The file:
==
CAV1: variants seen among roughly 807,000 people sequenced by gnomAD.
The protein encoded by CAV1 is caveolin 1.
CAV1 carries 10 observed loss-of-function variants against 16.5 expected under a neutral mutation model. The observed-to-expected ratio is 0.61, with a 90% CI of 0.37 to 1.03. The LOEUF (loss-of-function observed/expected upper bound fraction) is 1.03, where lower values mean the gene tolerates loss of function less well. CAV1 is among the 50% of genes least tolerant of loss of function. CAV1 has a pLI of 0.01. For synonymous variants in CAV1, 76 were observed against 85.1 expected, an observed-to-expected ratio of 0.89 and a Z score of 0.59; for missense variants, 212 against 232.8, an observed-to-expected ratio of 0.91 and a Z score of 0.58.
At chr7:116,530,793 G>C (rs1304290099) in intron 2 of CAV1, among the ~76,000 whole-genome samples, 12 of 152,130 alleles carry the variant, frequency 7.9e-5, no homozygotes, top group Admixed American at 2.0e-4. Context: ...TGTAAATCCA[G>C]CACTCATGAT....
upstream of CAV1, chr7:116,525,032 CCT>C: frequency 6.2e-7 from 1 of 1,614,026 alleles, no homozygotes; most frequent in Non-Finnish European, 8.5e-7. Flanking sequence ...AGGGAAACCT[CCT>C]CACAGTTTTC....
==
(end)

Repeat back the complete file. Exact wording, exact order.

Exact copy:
CAV1: variants seen among roughly 807,000 people sequenced by gnomAD.
The protein encoded by CAV1 is caveolin 1.
CAV1 carries 10 observed loss-of-function variants against 16.5 expected under a neutral mutation model. The observed-to-expected ratio is 0.61, with a 90% CI of 0.37 to 1.03. The LOEUF (loss-of-function observed/expected upper bound fraction) is 1.03, where lower values mean the gene tolerates loss of function less well. CAV1 is among the 50% of genes least tolerant of loss of function. CAV1 has a pLI of 0.01. For synonymous variants in CAV1, 76 were observed against 85.1 expected, an observed-to-expected ratio of 0.89 and a Z score of 0.59; for missense variants, 212 against 232.8, an observed-to-expected ratio of 0.91 and a Z score of 0.58.
At chr7:116,530,793 G>C (rs1304290099) in intron 2 of CAV1, among the ~76,000 whole-genome samples, 12 of 152,130 alleles carry the variant, frequency 7.9e-5, no homozygotes, top group Admixed American at 2.0e-4. Context: ...TGTAAATCCA[G>C]CACTCATGAT....
upstream of CAV1, chr7:116,525,032 CCT>C: frequency 6.2e-7 from 1 of 1,614,026 alleles, no homozygotes; most frequent in Non-Finnish European, 8.5e-7. Flanking sequence ...AGGGAAACCT[CCT>C]CACAGTTTTC....